History of Polio in Iowa
Polio in the United States
Small localized paralytic polio epidemics began to appear in the United States around 1900. But it was not until 1952 that the United States polio epidemic became the worst outbreak in the nation’s history. Of nearly 58,000 cases reported that year 3,145 died and 21,269 were left with mild to disabling paralysis.
Polio is a disease that can infect the central nervous system (brain and spinal cord) and cause lasting disabilities in a small number of infected individuals. It is caused by any of three types of polio viruses.
Up to 95 percent of individuals with a polio infection have no symptoms. A small number (4 to 8 percent) have mild symptoms, such as a sore throat, headache, malaise, upset stomach and low-grade fever. These individuals generally recover completely within a week. About 1 to 2 percent of infected individuals develop a high fever, meningitis (inflammation of membranes surrounding the brain and spinal cord), stiff neck and limb pain. These individuals generally recover completely, usually within 10 days.
In fewer than 1 of every 100 infected persons, the virus attacks nerves inside the spine that send messages to muscles in arms, legs and other areas. This can result in partial or complete paralysis. If the virus gets into the brainstem (bulbar polio), muscles needed for breathing, swallowing and other vital functions become paralyzed, and the person may die.
Polio Arrives in Iowa
Polio was no stranger to Iowa. As early as 1910, records show 186 cases that year. Polio reoccurred every few years in Iowa. But in 1940 the number of cases skyrocketed to 927. The period 1948-1950 averaged 1,300 cases yearly. The disease peaked at more than 3,500 in 1952. A quarter of them were in Sioux City. After public health inspectors investigated 59 cases in Cerro Gordo County, the State Board of Health required that all cases be reported. And it recommended quarantine and sanitary measures be taken.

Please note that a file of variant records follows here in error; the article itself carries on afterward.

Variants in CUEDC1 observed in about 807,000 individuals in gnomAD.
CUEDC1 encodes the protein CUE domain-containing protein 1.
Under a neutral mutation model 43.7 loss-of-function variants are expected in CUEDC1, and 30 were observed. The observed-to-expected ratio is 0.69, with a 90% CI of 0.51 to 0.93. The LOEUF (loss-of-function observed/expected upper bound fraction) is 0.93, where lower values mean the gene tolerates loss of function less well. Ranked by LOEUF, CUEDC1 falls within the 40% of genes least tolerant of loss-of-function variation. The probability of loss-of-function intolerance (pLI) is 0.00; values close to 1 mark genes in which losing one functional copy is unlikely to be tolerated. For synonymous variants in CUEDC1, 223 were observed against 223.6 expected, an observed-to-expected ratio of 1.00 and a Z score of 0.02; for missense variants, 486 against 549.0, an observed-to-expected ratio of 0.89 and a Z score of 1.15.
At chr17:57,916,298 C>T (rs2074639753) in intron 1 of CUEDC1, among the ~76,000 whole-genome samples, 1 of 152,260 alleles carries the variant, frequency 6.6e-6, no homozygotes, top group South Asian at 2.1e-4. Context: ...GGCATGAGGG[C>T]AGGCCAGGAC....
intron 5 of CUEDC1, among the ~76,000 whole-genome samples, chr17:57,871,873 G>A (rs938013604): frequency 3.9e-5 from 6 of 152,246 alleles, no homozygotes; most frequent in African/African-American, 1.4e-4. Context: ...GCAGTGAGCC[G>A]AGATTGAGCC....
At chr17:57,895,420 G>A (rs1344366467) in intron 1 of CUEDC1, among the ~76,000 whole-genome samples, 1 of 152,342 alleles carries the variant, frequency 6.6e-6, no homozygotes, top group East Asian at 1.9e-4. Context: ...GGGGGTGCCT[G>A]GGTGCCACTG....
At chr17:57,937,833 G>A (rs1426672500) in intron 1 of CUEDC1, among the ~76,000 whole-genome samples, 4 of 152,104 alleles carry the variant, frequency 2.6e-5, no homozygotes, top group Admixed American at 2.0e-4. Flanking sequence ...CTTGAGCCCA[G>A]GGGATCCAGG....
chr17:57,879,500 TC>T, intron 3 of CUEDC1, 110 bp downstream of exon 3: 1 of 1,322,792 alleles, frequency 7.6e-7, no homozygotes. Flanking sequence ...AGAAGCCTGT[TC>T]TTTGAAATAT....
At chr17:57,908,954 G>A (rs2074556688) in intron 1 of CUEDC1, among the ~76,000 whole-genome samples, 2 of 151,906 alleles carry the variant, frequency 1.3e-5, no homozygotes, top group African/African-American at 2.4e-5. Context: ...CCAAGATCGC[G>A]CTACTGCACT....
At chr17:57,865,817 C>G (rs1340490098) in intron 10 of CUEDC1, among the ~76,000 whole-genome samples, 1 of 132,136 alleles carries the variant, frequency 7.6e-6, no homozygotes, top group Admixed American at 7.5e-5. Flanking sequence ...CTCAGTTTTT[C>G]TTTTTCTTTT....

A gamma globulin vaccine was tested on 16,500 children in Sioux City during the worst epidemic in Iowa. It was part of a national trial. But the vaccine gave only short-term protection. Iron lungs, large machines that enable a person to breathe, were flown to Sioux City to assist those whose breathing muscles were impaired.
Children Affected Most
As the weather warmed up each year, panic over polio intensified. Polio swept through towns in epidemics every few years. Most often affecting children, few diseases frightened parents more than polio did. It was especially scary because health professionals were unsure how it was spread and the best ways to treat and prevent the virus. Research showed that by 1900, while most poor immigrant children had become infected and immune at an early age, children from clean, middle-class homes were at greater risk of the paralytic form of the disease. Polio virus attacks the nervous system and impairs muscles, sometimes causing temporary paralysis.
Late summer was dubbed "polio season." Public swimming pools were shut down. Movie theaters urged patrons not to sit too close together to avoid spreading the disease. Insurance companies started selling polio insurance for newborns. Though most people recovered quickly from polio, some suffered temporary or permanent paralysis and even death. Many polio survivors were disabled for life. They were a visible, painful reminder to society of the enormous toll this disease took on young lives.
Because polio is highly contagious, children, adolescents, and adults diagnosed with polio were usually quickly whisked away to the isolation wards of the nearest hospital accepting polio patients. Here, separated from the support of parents and family, these patients endured creeping paralysis as doctors and nurses stood by unable to do more than make them comfortable while the disease ran its course. Only when the acute infection waned could patients and doctors begin to assess how much paralysis had resulted from the damage done by the virus.
The enforced separation of families during the early, acute phase of the disease contributed to the intense dread and fear that polio aroused. Children and parents were not allowed any contact for ten to fourteen days and then only limited visiting for weeks afterward. When the person returned home weeks or months later, adjustment to changed circumstances brought more stress.
Even though the children were quarentined parents used creative ways to visit their children through the hospital windows. Parents could be seen gathered outside of a hospital window trying to make contact with their child while they were in the isolation ward.